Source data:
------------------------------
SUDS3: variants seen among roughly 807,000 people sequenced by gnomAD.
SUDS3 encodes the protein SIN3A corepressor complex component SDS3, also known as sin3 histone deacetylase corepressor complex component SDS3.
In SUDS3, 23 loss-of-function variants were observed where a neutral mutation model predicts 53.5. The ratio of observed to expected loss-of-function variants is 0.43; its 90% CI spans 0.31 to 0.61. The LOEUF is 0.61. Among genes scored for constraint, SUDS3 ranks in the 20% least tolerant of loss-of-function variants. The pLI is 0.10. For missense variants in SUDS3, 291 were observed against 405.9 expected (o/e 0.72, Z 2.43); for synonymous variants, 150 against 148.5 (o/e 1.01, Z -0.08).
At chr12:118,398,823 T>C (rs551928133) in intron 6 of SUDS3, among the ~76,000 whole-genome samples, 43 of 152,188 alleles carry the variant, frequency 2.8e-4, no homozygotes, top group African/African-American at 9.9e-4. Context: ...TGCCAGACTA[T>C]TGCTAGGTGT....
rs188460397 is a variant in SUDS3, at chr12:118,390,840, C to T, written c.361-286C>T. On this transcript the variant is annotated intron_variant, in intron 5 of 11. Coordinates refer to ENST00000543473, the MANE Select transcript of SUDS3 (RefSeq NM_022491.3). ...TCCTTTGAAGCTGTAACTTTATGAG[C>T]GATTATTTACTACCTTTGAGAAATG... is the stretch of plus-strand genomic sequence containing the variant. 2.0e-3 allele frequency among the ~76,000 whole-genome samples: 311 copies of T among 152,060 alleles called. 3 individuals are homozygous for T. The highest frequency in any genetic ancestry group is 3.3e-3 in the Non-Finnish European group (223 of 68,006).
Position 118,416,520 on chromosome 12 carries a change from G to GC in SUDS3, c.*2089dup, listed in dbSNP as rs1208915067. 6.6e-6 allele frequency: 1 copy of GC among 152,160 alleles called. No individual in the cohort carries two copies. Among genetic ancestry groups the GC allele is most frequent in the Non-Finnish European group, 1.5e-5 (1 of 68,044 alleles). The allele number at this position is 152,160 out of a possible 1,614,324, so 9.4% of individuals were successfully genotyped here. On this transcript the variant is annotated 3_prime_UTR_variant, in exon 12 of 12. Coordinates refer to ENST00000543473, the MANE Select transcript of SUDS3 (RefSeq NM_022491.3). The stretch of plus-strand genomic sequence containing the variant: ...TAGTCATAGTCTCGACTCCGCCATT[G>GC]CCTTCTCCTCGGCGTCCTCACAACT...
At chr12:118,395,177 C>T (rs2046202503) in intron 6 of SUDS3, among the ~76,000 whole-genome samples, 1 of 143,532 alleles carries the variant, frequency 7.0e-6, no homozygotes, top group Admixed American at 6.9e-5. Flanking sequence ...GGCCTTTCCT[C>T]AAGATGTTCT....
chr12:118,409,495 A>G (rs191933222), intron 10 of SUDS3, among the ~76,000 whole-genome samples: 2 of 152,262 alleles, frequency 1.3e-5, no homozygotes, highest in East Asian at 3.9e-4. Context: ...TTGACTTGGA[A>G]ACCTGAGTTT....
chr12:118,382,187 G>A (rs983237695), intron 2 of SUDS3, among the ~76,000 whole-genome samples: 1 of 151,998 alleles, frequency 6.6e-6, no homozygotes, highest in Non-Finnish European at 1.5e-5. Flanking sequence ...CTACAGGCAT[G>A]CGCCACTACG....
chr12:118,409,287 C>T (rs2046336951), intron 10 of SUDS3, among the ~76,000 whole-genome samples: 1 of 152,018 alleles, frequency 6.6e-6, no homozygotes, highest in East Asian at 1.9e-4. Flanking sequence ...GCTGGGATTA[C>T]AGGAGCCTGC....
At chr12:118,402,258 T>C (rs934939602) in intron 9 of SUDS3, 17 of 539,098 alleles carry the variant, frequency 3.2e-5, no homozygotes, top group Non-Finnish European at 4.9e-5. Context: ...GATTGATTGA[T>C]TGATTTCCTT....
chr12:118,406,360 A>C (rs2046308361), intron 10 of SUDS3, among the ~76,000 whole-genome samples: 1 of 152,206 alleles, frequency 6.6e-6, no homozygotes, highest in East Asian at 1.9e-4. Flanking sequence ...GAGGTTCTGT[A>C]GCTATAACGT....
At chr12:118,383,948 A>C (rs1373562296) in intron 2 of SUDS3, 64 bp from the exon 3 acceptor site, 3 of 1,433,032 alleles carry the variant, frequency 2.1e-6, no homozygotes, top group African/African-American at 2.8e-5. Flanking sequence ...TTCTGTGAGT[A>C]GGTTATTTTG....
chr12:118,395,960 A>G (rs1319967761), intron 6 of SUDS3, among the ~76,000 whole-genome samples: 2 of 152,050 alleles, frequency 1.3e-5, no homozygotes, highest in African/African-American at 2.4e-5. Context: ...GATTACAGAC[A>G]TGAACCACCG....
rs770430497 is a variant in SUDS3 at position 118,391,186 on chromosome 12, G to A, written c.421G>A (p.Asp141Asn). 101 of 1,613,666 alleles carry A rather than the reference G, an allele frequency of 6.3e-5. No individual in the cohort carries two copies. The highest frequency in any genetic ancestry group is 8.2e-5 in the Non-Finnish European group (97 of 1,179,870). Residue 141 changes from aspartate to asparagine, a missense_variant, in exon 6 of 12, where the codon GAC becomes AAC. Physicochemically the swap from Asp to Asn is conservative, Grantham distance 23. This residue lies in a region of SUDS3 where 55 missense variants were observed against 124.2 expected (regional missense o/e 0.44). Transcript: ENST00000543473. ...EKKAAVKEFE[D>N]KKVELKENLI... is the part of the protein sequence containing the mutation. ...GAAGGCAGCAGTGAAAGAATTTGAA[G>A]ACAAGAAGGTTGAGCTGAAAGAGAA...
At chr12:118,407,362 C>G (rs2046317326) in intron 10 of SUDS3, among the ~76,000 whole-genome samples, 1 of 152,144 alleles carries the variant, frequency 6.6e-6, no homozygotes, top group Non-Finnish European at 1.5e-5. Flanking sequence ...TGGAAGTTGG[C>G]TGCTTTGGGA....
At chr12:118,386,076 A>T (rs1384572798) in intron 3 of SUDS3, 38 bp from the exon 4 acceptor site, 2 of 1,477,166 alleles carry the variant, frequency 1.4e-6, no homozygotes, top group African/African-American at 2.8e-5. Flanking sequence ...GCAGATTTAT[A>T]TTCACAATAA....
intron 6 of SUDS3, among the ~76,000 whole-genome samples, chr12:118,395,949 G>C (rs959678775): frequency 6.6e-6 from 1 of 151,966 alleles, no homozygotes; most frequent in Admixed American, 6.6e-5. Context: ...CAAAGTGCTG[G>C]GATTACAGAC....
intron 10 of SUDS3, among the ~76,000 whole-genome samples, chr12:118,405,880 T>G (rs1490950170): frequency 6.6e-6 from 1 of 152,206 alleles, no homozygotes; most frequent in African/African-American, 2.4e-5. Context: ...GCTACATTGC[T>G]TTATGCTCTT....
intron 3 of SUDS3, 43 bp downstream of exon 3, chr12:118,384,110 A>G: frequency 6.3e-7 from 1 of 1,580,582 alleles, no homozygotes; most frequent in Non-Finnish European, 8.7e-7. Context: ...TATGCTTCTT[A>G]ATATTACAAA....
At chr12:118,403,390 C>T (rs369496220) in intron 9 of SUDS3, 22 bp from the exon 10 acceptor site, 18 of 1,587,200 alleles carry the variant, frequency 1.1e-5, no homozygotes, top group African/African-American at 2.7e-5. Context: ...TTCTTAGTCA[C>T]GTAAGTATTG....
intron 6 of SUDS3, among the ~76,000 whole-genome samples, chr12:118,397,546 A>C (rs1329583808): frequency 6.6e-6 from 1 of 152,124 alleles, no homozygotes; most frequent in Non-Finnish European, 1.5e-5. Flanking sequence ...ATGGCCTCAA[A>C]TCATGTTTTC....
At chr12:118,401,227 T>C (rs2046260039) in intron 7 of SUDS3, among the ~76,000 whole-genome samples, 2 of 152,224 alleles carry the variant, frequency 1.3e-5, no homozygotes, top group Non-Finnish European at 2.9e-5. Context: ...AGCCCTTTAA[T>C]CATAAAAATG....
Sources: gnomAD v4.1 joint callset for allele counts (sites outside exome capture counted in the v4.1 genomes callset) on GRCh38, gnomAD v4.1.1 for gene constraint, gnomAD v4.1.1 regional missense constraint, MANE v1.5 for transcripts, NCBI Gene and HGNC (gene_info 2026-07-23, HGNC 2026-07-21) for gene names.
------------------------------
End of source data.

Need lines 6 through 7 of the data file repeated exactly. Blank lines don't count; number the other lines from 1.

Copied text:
Position 118,416,520 on chromosome 12 carries a change from G to GC in SUDS3, c.*2089dup, listed in dbSNP as rs1208915067. 6.6e-6 allele frequency: 1 copy of GC among 152,160 alleles called. No individual in the cohort carries two copies. Among genetic ancestry groups the GC allele is most frequent in the Non-Finnish European group, 1.5e-5 (1 of 68,044 alleles). The allele number at this position is 152,160 out of a possible 1,614,324, so 9.4% of individuals were successfully genotyped here. On this transcript the variant is annotated 3_prime_UTR_variant, in exon 12 of 12. Coordinates refer to ENST00000543473, the MANE Select transcript of SUDS3 (RefSeq NM_022491.3). The stretch of plus-strand genomic sequence containing the variant: ...TAGTCATAGTCTCGACTCCGCCATT[G>GC]CCTTCTCCTCGGCGTCCTCACAACT...
At chr12:118,395,177 C>T (rs2046202503) in intron 6 of SUDS3, among the ~76,000 whole-genome samples, 1 of 143,532 alleles carries the variant, frequency 7.0e-6, no homozygotes, top group Admixed American at 6.9e-5. Flanking sequence ...GGCCTTTCCT[C>T]AAGATGTTCT....